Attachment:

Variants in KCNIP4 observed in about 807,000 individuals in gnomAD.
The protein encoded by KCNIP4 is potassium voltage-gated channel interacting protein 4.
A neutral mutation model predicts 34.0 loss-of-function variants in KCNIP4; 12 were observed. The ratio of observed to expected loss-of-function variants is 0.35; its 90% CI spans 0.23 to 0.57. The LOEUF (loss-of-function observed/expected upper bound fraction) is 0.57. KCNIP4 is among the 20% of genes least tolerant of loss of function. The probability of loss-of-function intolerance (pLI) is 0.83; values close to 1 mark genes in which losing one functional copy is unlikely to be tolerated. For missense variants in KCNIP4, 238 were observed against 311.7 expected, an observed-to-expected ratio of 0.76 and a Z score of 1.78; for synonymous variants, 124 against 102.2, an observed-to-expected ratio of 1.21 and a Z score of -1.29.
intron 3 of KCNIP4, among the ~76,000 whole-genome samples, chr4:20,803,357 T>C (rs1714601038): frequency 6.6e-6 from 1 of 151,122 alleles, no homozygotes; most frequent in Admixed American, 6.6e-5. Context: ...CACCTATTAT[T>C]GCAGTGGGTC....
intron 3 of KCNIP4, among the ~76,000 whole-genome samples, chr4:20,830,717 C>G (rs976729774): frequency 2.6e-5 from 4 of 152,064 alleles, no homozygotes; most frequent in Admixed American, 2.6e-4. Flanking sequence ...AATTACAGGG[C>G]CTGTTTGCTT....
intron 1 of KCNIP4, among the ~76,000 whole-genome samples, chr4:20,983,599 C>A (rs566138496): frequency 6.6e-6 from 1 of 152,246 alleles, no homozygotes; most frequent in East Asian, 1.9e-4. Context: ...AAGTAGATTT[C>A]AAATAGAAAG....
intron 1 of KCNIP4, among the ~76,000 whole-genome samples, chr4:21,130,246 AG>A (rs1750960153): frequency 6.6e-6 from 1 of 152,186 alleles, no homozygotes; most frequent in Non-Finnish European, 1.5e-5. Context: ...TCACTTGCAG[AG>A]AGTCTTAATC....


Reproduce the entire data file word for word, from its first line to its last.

Variants in KCNIP4 observed in about 807,000 individuals in gnomAD.
The protein encoded by KCNIP4 is potassium voltage-gated channel interacting protein 4.
A neutral mutation model predicts 34.0 loss-of-function variants in KCNIP4; 12 were observed. The ratio of observed to expected loss-of-function variants is 0.35; its 90% CI spans 0.23 to 0.57. The LOEUF (loss-of-function observed/expected upper bound fraction) is 0.57. KCNIP4 is among the 20% of genes least tolerant of loss of function. The probability of loss-of-function intolerance (pLI) is 0.83; values close to 1 mark genes in which losing one functional copy is unlikely to be tolerated. For missense variants in KCNIP4, 238 were observed against 311.7 expected, an observed-to-expected ratio of 0.76 and a Z score of 1.78; for synonymous variants, 124 against 102.2, an observed-to-expected ratio of 1.21 and a Z score of -1.29.
intron 3 of KCNIP4, among the ~76,000 whole-genome samples, chr4:20,803,357 T>C (rs1714601038): frequency 6.6e-6 from 1 of 151,122 alleles, no homozygotes; most frequent in Admixed American, 6.6e-5. Context: ...CACCTATTAT[T>C]GCAGTGGGTC....
intron 3 of KCNIP4, among the ~76,000 whole-genome samples, chr4:20,830,717 C>G (rs976729774): frequency 2.6e-5 from 4 of 152,064 alleles, no homozygotes; most frequent in Admixed American, 2.6e-4. Flanking sequence ...AATTACAGGG[C>G]CTGTTTGCTT....
intron 1 of KCNIP4, among the ~76,000 whole-genome samples, chr4:20,983,599 C>A (rs566138496): frequency 6.6e-6 from 1 of 152,246 alleles, no homozygotes; most frequent in East Asian, 1.9e-4. Context: ...AAGTAGATTT[C>A]AAATAGAAAG....
intron 1 of KCNIP4, among the ~76,000 whole-genome samples, chr4:21,130,246 AG>A (rs1750960153): frequency 6.6e-6 from 1 of 152,186 alleles, no homozygotes; most frequent in Non-Finnish European, 1.5e-5. Context: ...TCACTTGCAG[AG>A]AGTCTTAATC....